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EXERCISES.

ART. 27.—Copy and read the following numbers :

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ART. 28.- Write the following numbers in figures : 1. Six hundred forty-eight. 2. Three thousand five hundred twenty. 3. Twenty-four thousand two hundred sixty-four. 4. Thirty-eight thousand thirty-eight. 5. One hundred eight thousand five hundred five. 6. Six hundred forty-nine thousand nine hundred one 7. One million eight hundred thousand. 8. Nine million nine thousand two hundred twenty-four. 9. Twelve million ten thousand sixteen. 10. Fifty-eight million forty-one thousand eighteen. 11. Forty million thirty thousand twenty.

12. Eight hundred million seven hundred eighteen thouBand thirteen.

13. Nine billion eight million six thousand three.

Roman Notation.

In the Roman Method of Notation seven letters are employed. The method is rarely used, except to number chapters and divisions of books, and on the dials of clocks and watches.

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These letters are combined according to the following principles :

= 30.

Principles.-1. Repeating a letter repeats its value: as XX. = 20; XXX.

2. When a letter is placed before another of greater value, its value is taken from that of the greater ; as IX. = 9; XL. = 40.

3. When a letter is placed after another of greater value, their values are added ; as XI. = 11; LX.

= 60.

4. A bar placed over a letter multiplies its value a thousand times; as V. = 5,000 : L. = 50,000 ; M. = 1,000,000.

Write the following numbers in Roman notation : 5, 8, 6, 4, 10, 15, 18, 20, 35, 88, 121, 348, 610, 450, 832, 1,321, 2,453, 6,145, 3,853, 9,009.

C'lange the following numbers to the Arabic notatior : III., VI., VIII., IX., XI., LV., LXII., LXIX., XC., CX., CXX., CCXX., CCXXV., CXXXI., CCCXXXVIII., DICX., DCCXIX., DCCCXLIII., MDCXXXVII., V., M., MDCCCLXXXVI.

12

Addition,

Progressive Oral and Written Drills. SUGGESTION.—The pupil should be taught to count with and without objects. After counting, the first process in arithmetic is to add the digits to a given number. Let the given number be 2 and add to it 2, 5, 8; 1, 4, 7; 3, 6, 9 respectively.

2 2

SLATE AND BLACKBOARD EXERCISES.

2 2 2 2 2 2 2 2
5 8 1 4 7 3 6 9

2 0

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EXERCISES IN ADDING COLUMNS.
(1) (2)
(2) (3) (4)

(4) (5) (6) (7) (8) (9) (10)
2 1 2 1 2 2 1 2 1 1
1 2 1 1 2 0 2 0 2 2
0 2 1 2 1 1 1 2 2 1
2 1 2 2 2

2 1 2 0 1 2 2 1

1 2 2 1 2

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Begin with 0, 7, 4, 11, 8, 12, 9, 6, or 13, and add those columns up and down.

SUGGESTION.—Take 3 and add to it 1, 4, 7; 3, 6, 9; 2, 5, 8 respectively. Three combinations are enough for a lesson. Illustrate each fact, so that the child may think the result clearly.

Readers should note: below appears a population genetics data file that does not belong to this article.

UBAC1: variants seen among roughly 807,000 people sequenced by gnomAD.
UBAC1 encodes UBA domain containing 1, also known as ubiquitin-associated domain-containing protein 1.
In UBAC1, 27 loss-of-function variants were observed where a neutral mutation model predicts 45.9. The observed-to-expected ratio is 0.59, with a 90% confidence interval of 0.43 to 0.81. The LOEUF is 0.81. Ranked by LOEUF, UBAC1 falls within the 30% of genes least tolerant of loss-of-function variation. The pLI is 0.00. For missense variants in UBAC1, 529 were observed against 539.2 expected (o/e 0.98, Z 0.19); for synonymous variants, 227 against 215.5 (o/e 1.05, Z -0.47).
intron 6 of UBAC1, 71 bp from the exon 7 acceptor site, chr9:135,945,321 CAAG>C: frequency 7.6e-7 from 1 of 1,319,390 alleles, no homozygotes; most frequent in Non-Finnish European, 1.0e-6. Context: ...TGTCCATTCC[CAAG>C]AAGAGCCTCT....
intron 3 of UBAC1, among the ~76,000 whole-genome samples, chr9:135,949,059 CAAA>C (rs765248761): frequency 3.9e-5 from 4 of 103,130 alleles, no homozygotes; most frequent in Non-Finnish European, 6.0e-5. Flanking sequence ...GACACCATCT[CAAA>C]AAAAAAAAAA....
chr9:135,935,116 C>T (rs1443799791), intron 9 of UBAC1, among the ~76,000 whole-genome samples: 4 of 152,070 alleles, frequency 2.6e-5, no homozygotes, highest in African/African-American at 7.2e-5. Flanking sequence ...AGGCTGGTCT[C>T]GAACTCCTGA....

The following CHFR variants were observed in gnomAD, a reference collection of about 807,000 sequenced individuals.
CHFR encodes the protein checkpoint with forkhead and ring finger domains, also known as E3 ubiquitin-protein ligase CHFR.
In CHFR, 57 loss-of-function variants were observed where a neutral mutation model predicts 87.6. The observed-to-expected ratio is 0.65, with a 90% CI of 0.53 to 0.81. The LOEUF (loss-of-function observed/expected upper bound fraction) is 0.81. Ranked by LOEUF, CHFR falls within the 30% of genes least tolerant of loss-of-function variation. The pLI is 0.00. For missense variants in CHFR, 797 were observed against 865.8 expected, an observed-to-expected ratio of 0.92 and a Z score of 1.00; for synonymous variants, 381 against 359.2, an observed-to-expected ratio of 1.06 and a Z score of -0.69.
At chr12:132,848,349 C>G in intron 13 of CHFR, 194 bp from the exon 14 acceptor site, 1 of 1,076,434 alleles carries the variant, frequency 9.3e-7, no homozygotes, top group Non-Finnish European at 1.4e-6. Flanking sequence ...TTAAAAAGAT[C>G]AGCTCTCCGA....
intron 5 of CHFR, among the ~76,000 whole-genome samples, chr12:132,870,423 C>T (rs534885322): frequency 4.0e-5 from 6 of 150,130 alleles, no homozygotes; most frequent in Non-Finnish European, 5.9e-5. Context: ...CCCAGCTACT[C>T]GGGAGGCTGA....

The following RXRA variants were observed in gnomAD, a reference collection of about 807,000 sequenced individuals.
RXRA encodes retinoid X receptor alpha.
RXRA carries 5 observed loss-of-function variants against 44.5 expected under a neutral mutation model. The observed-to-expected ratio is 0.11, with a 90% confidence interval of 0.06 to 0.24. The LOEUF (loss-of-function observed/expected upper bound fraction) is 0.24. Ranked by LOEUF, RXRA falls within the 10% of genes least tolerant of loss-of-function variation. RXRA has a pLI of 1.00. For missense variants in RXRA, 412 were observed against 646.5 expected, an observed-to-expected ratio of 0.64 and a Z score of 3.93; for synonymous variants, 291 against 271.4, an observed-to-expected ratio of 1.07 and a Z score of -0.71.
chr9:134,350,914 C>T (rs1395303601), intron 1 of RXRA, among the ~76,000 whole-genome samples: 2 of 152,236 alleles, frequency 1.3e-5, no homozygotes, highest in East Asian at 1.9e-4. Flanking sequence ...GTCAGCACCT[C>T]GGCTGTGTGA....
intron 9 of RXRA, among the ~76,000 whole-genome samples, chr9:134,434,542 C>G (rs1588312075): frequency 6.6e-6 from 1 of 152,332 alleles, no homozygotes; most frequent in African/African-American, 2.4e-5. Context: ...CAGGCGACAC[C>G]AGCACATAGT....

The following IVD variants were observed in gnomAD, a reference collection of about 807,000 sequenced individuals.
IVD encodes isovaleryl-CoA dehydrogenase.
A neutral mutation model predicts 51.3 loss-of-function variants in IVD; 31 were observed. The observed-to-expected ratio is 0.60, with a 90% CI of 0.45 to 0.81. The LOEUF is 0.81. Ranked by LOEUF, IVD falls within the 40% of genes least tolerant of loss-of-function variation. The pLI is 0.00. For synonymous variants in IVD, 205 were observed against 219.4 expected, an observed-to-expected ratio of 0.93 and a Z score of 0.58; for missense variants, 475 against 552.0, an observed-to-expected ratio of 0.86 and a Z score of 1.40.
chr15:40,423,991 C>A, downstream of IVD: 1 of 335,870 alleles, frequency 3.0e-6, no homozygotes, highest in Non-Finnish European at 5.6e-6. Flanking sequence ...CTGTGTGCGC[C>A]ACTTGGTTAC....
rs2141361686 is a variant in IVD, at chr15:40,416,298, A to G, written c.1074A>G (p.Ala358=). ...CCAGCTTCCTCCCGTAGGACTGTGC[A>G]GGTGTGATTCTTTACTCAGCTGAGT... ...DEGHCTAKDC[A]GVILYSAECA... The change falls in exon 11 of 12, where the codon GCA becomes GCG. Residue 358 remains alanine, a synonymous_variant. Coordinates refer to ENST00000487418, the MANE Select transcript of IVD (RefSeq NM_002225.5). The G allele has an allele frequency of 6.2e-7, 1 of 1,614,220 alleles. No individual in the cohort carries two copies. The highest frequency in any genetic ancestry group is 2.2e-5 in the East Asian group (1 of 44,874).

3 2

SLATE AND BLACKBOARD EXERCISES.

3 3 3 3 3 3 3 3
5 8
4 ng 9

3

3
0

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Count by 3's to 30. Begin with 1 and count by 3's to 30. Be gin with 2 and count by 3's to 30.

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Begin with 0, 8, 4, 11, 5, 13, 16, 9, 12, or 21, and add these columns up and down.

SUGGESTION.--After adding the digits to 4, add 12 and 4, 22 and 4, 32 and 4; 15 and 4, 25 and 4, 35 and 4; and so on.

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(1)
3
4

EXERCISES IN ADDING COLUMNS.
(2) (3) (4) (5) (6)

(6) (7)

(7) (8) (9) (10) 4 4 1 3 4 4 4 4 2 1 3 4 2 3 2 3 3 4 4

2 3 2 4 3 3 4 1 4 4

2 4 2 3 4. 3 3 2 1 2

3
4

IF Add each of the above columns up and down, beginning with 0, 2, 13, 8, 17, 4, 16, 9, 15, 7, or 19.

SUGGESTION.

Abstract examples like the following, containing no figure greater than 4, should be dictated by the teacher:

(1) 423244 344432 412343 344234 421443 344324 412432 344343

(2) 342434 434241 340413 414043 342414 424123 341234 412432

(3) 243143 434432 142244 434422 342244 414422 341144 424422

344243
411402
324143
443404
342244
224434
443043
344234

@ For explanation, see Article 36.

SUGGESTION.—The process with the 5's is the same as with 2, 3 and 4. After adding the digits to 5, add 16 and 5, 36 and 5, 26 and 5, 46 and 5, and so on, until all combinations up to 49 and 5 are mastered.

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Explanation. The teacher or a pupil points to the dots on the right of the vertical line, while the pupils in turn name the results obtained by adding the number on the left of this line to the given number at the top. This exercise fixes the attention of each pupil, and may be introduced with the 2's, 3's, and 4's and also with the 6's, 7's, 8's and 9's. The numbers in parentheses should be used as review drills.

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